Tesco is receiving the first commercial volumes of strawberries grown from a vertical farm via a production system that lessens both water usage and features a 90 per cent reduction in carbon footprint per kilo of fruit.
The fruit is being delivered by Direct Produce Supplies Ltd (DPS), a Tesco supplier for 40 years that has been trialling vertically grown strawberries for the past three years at their farm near Arundel, West Sussex.
Close to 1 million kgs of strawberries are set to hit supermarket shelves during the summer.
“Vertical crop production is a giant step for fresh produce growers in helping reduce their carbon footprint and use less water, at the same time boosting their yields,” Tesco fruit technical manager Sabina Wyant said. “For shoppers there is also a clear benefit, with consistent quality fruit and availability for up to nine months of the year, regardless of the weather conditions.”
DPS says the system yields five times more fruit per square metre than existing methods and can deliver a constant supply of strawberries for up to nine months without the impact of adverse weather conditions.
Living Lettuce at Co-op
A fresh alternative to bagged salads, British grower and supplier JEPCO introduced its Living Lettuce in Co-op stores through the UK in May to fanfare from its shoppers.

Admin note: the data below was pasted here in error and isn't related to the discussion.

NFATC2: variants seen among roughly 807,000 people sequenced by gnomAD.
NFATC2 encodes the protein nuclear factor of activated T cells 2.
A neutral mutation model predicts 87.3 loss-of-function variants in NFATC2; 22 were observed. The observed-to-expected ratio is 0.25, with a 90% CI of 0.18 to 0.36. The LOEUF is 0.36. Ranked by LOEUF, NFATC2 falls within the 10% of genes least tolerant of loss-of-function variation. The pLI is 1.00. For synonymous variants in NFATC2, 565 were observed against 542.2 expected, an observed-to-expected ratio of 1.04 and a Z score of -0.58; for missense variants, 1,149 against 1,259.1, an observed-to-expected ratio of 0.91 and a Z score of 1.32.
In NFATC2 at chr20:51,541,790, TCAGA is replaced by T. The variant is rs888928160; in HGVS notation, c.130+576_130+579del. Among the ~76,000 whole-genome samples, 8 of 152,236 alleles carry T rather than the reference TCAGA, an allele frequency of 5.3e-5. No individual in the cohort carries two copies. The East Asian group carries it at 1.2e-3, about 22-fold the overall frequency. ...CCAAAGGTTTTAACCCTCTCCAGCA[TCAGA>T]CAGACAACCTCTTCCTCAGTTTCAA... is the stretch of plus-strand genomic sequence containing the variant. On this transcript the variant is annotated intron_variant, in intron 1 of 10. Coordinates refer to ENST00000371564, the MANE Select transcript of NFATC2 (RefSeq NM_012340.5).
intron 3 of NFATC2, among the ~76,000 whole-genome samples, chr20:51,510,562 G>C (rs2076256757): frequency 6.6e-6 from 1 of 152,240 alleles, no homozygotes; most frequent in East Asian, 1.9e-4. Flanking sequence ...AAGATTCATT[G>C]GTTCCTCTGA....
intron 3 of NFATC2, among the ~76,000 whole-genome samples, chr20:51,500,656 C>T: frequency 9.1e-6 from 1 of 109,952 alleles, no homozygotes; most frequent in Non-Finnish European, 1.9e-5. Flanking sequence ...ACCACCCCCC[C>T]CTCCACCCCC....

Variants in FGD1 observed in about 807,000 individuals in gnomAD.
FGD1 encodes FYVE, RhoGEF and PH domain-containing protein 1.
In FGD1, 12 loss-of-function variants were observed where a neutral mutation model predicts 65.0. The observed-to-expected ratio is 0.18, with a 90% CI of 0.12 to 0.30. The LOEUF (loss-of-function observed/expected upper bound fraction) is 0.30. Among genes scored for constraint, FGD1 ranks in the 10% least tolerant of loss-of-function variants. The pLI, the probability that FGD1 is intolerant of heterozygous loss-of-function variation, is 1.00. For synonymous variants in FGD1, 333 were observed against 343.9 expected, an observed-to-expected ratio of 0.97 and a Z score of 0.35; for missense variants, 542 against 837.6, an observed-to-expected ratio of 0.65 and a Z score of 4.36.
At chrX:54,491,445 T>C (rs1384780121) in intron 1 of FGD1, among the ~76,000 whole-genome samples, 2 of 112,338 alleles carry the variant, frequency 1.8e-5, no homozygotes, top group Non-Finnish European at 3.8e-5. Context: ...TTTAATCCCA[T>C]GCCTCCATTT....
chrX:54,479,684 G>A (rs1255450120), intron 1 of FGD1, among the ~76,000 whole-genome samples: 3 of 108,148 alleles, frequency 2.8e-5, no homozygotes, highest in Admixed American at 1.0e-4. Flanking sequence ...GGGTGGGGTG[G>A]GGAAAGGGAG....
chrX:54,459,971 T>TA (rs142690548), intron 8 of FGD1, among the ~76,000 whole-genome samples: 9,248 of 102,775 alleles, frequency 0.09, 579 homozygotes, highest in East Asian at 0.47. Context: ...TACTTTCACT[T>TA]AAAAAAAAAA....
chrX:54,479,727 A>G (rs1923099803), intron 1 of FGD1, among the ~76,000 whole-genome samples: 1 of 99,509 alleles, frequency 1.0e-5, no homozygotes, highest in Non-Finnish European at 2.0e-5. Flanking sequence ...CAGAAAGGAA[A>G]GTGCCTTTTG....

The whole heads of lettuce, which are hydroponically grown at JEPCO’s facilities in Essex, come in sustainable and recyclable paper bags with the roots. The company says they last seven days after they are bought by consumers.
“If the root system is kept in water, shoppers can enjoy fresh salad leaves for distinguishably longer than traditional bagged salads, and we are confident that once you have tasted one of these whole head lettuces, you won’t go back to traditional bagged salad leaves,” said JEPCO general manager Simon Creasey. “We see this as the future of fresh produce buying for British consumers because of all the added benefits including quality, shelf-life and flavour.”
So far, the lettuce has been a hit with customers.
“This innovative product launched in our stores and initial indications are that it is proving very popular with our members and customers, particularly those looking to reduce food waste,” Co-op buyer Isobel Anstey said.